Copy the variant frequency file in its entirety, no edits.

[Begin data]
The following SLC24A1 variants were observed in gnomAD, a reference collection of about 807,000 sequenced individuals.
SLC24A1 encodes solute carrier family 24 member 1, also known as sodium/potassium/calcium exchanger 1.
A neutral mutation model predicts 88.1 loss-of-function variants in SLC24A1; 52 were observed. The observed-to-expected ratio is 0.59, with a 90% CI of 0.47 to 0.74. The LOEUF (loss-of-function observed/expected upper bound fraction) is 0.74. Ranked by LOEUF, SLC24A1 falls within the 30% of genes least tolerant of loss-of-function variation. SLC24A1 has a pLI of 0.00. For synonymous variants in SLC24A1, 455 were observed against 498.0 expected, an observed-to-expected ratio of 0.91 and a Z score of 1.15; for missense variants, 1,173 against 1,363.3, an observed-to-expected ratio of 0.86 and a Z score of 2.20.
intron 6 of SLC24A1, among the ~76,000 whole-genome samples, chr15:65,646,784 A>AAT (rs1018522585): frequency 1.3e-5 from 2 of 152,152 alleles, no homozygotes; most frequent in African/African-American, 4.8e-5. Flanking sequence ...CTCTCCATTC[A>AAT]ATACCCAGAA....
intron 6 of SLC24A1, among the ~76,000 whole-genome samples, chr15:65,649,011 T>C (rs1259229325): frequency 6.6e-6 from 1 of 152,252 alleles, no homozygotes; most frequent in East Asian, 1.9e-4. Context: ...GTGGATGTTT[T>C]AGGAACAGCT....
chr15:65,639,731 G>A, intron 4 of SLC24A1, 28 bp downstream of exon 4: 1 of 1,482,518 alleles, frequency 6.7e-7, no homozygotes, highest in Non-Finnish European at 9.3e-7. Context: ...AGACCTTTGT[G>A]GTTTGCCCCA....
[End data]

The following SLC24A1 variants were observed in gnomAD, a reference collection of about 807,000 sequenced individuals.
SLC24A1 encodes solute carrier family 24 member 1, also known as sodium/potassium/calcium exchanger 1.
A neutral mutation model predicts 88.1 loss-of-function variants in SLC24A1; 52 were observed. The observed-to-expected ratio is 0.59, with a 90% CI of 0.47 to 0.74. The LOEUF (loss-of-function observed/expected upper bound fraction) is 0.74. Ranked by LOEUF, SLC24A1 falls within the 30% of genes least tolerant of loss-of-function variation. SLC24A1 has a pLI of 0.00. For synonymous variants in SLC24A1, 455 were observed against 498.0 expected, an observed-to-expected ratio of 0.91 and a Z score of 1.15; for missense variants, 1,173 against 1,363.3, an observed-to-expected ratio of 0.86 and a Z score of 2.20.
intron 6 of SLC24A1, among the ~76,000 whole-genome samples, chr15:65,646,784 A>AAT (rs1018522585): frequency 1.3e-5 from 2 of 152,152 alleles, no homozygotes; most frequent in African/African-American, 4.8e-5. Flanking sequence ...CTCTCCATTC[A>AAT]ATACCCAGAA....
intron 6 of SLC24A1, among the ~76,000 whole-genome samples, chr15:65,649,011 T>C (rs1259229325): frequency 6.6e-6 from 1 of 152,252 alleles, no homozygotes; most frequent in East Asian, 1.9e-4. Context: ...GTGGATGTTT[T>C]AGGAACAGCT....
chr15:65,639,731 G>A, intron 4 of SLC24A1, 28 bp downstream of exon 4: 1 of 1,482,518 alleles, frequency 6.7e-7, no homozygotes, highest in Non-Finnish European at 9.3e-7. Context: ...AGACCTTTGT[G>A]GTTTGCCCCA....